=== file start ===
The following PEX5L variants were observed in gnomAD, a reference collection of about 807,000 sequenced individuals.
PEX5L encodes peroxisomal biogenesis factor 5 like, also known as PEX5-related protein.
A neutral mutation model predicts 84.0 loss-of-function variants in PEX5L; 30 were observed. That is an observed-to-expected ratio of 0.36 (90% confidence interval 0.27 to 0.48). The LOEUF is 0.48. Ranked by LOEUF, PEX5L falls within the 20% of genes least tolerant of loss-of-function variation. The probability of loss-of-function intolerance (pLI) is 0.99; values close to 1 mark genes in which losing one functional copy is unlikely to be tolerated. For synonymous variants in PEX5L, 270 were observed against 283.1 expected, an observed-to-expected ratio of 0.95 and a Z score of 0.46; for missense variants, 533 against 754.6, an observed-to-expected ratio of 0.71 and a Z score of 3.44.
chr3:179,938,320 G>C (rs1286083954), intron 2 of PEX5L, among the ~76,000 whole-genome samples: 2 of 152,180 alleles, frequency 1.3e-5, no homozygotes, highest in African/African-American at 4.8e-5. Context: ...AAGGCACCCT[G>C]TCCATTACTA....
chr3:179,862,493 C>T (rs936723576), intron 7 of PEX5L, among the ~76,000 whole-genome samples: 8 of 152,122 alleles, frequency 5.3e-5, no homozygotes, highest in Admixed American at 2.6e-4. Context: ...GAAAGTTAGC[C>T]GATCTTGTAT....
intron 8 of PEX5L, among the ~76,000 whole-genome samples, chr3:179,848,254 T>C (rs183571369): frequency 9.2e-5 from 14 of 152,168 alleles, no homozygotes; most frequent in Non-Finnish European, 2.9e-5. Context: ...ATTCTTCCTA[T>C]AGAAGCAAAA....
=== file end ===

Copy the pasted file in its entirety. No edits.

The following PEX5L variants were observed in gnomAD, a reference collection of about 807,000 sequenced individuals.
PEX5L encodes peroxisomal biogenesis factor 5 like, also known as PEX5-related protein.
A neutral mutation model predicts 84.0 loss-of-function variants in PEX5L; 30 were observed. That is an observed-to-expected ratio of 0.36 (90% confidence interval 0.27 to 0.48). The LOEUF is 0.48. Ranked by LOEUF, PEX5L falls within the 20% of genes least tolerant of loss-of-function variation. The probability of loss-of-function intolerance (pLI) is 0.99; values close to 1 mark genes in which losing one functional copy is unlikely to be tolerated. For synonymous variants in PEX5L, 270 were observed against 283.1 expected, an observed-to-expected ratio of 0.95 and a Z score of 0.46; for missense variants, 533 against 754.6, an observed-to-expected ratio of 0.71 and a Z score of 3.44.
chr3:179,938,320 G>C (rs1286083954), intron 2 of PEX5L, among the ~76,000 whole-genome samples: 2 of 152,180 alleles, frequency 1.3e-5, no homozygotes, highest in African/African-American at 4.8e-5. Context: ...AAGGCACCCT[G>C]TCCATTACTA....
chr3:179,862,493 C>T (rs936723576), intron 7 of PEX5L, among the ~76,000 whole-genome samples: 8 of 152,122 alleles, frequency 5.3e-5, no homozygotes, highest in Admixed American at 2.6e-4. Context: ...GAAAGTTAGC[C>T]GATCTTGTAT....
intron 8 of PEX5L, among the ~76,000 whole-genome samples, chr3:179,848,254 T>C (rs183571369): frequency 9.2e-5 from 14 of 152,168 alleles, no homozygotes; most frequent in Non-Finnish European, 2.9e-5. Context: ...ATTCTTCCTA[T>C]AGAAGCAAAA....